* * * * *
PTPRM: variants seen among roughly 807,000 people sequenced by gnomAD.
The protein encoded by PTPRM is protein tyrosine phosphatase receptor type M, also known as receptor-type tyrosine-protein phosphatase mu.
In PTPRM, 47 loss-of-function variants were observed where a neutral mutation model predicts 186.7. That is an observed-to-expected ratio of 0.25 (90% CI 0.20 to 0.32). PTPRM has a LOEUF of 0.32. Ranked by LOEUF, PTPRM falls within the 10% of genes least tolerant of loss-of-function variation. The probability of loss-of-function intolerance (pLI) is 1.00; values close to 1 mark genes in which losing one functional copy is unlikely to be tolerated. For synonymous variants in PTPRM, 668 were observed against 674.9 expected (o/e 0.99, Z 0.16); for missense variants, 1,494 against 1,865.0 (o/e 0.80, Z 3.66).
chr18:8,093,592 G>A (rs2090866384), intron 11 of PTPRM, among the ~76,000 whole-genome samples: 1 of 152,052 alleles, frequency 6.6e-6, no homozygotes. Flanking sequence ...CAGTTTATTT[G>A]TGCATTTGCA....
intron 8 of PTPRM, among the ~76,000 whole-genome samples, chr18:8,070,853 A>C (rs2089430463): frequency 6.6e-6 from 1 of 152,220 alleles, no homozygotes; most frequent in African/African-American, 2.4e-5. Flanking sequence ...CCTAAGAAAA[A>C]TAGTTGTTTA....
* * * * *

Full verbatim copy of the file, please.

PTPRM: variants seen among roughly 807,000 people sequenced by gnomAD.
The protein encoded by PTPRM is protein tyrosine phosphatase receptor type M, also known as receptor-type tyrosine-protein phosphatase mu.
In PTPRM, 47 loss-of-function variants were observed where a neutral mutation model predicts 186.7. That is an observed-to-expected ratio of 0.25 (90% CI 0.20 to 0.32). PTPRM has a LOEUF of 0.32. Ranked by LOEUF, PTPRM falls within the 10% of genes least tolerant of loss-of-function variation. The probability of loss-of-function intolerance (pLI) is 1.00; values close to 1 mark genes in which losing one functional copy is unlikely to be tolerated. For synonymous variants in PTPRM, 668 were observed against 674.9 expected (o/e 0.99, Z 0.16); for missense variants, 1,494 against 1,865.0 (o/e 0.80, Z 3.66).
chr18:8,093,592 G>A (rs2090866384), intron 11 of PTPRM, among the ~76,000 whole-genome samples: 1 of 152,052 alleles, frequency 6.6e-6, no homozygotes. Flanking sequence ...CAGTTTATTT[G>A]TGCATTTGCA....
intron 8 of PTPRM, among the ~76,000 whole-genome samples, chr18:8,070,853 A>C (rs2089430463): frequency 6.6e-6 from 1 of 152,220 alleles, no homozygotes; most frequent in African/African-American, 2.4e-5. Flanking sequence ...CCTAAGAAAA[A>C]TAGTTGTTTA....